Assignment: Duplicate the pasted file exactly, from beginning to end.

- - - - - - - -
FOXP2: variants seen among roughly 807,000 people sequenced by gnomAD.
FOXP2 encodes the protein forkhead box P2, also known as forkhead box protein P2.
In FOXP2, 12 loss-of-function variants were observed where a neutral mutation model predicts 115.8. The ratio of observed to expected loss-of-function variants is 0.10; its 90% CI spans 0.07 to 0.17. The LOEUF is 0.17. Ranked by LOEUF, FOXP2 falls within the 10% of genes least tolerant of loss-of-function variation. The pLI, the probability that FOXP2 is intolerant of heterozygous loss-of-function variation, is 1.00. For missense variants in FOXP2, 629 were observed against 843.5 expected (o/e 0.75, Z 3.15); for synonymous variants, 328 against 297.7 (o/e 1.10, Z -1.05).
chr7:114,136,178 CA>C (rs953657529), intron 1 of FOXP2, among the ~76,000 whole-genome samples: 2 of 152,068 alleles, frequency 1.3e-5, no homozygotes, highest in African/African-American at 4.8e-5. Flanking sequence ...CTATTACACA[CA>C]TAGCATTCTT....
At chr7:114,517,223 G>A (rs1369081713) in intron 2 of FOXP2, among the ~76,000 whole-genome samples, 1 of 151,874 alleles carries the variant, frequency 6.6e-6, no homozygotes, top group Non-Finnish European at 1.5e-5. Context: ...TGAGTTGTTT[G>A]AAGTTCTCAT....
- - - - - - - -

FOXP2: variants seen among roughly 807,000 people sequenced by gnomAD.
FOXP2 encodes the protein forkhead box P2, also known as forkhead box protein P2.
In FOXP2, 12 loss-of-function variants were observed where a neutral mutation model predicts 115.8. The ratio of observed to expected loss-of-function variants is 0.10; its 90% CI spans 0.07 to 0.17. The LOEUF is 0.17. Ranked by LOEUF, FOXP2 falls within the 10% of genes least tolerant of loss-of-function variation. The pLI, the probability that FOXP2 is intolerant of heterozygous loss-of-function variation, is 1.00. For missense variants in FOXP2, 629 were observed against 843.5 expected (o/e 0.75, Z 3.15); for synonymous variants, 328 against 297.7 (o/e 1.10, Z -1.05).
chr7:114,136,178 CA>C (rs953657529), intron 1 of FOXP2, among the ~76,000 whole-genome samples: 2 of 152,068 alleles, frequency 1.3e-5, no homozygotes, highest in African/African-American at 4.8e-5. Flanking sequence ...CTATTACACA[CA>C]TAGCATTCTT....
At chr7:114,517,223 G>A (rs1369081713) in intron 2 of FOXP2, among the ~76,000 whole-genome samples, 1 of 151,874 alleles carries the variant, frequency 6.6e-6, no homozygotes, top group Non-Finnish European at 1.5e-5. Context: ...TGAGTTGTTT[G>A]AAGTTCTCAT....